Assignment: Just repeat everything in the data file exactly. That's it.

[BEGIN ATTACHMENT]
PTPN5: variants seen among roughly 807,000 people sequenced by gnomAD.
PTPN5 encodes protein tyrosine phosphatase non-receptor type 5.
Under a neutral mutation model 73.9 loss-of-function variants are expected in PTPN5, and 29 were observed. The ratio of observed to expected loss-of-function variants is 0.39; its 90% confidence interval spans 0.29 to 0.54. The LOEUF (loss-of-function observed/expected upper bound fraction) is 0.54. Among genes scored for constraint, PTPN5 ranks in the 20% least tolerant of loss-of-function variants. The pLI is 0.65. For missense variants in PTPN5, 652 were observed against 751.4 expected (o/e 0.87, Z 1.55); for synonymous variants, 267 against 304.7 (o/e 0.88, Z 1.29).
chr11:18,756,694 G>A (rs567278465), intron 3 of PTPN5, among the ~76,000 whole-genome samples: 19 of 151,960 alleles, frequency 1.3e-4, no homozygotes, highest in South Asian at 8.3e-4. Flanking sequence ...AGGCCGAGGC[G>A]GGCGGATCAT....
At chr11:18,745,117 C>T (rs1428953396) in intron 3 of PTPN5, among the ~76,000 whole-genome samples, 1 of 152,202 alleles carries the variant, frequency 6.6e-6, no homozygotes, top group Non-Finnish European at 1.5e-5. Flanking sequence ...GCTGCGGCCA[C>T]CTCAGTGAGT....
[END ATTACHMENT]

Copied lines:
PTPN5: variants seen among roughly 807,000 people sequenced by gnomAD.
PTPN5 encodes protein tyrosine phosphatase non-receptor type 5.
Under a neutral mutation model 73.9 loss-of-function variants are expected in PTPN5, and 29 were observed. The ratio of observed to expected loss-of-function variants is 0.39; its 90% confidence interval spans 0.29 to 0.54. The LOEUF (loss-of-function observed/expected upper bound fraction) is 0.54. Among genes scored for constraint, PTPN5 ranks in the 20% least tolerant of loss-of-function variants. The pLI is 0.65. For missense variants in PTPN5, 652 were observed against 751.4 expected (o/e 0.87, Z 1.55); for synonymous variants, 267 against 304.7 (o/e 0.88, Z 1.29).
chr11:18,756,694 G>A (rs567278465), intron 3 of PTPN5, among the ~76,000 whole-genome samples: 19 of 151,960 alleles, frequency 1.3e-4, no homozygotes, highest in South Asian at 8.3e-4. Flanking sequence ...AGGCCGAGGC[G>A]GGCGGATCAT....
At chr11:18,745,117 C>T (rs1428953396) in intron 3 of PTPN5, among the ~76,000 whole-genome samples, 1 of 152,202 alleles carries the variant, frequency 6.6e-6, no homozygotes, top group Non-Finnish European at 1.5e-5. Flanking sequence ...GCTGCGGCCA[C>T]CTCAGTGAGT....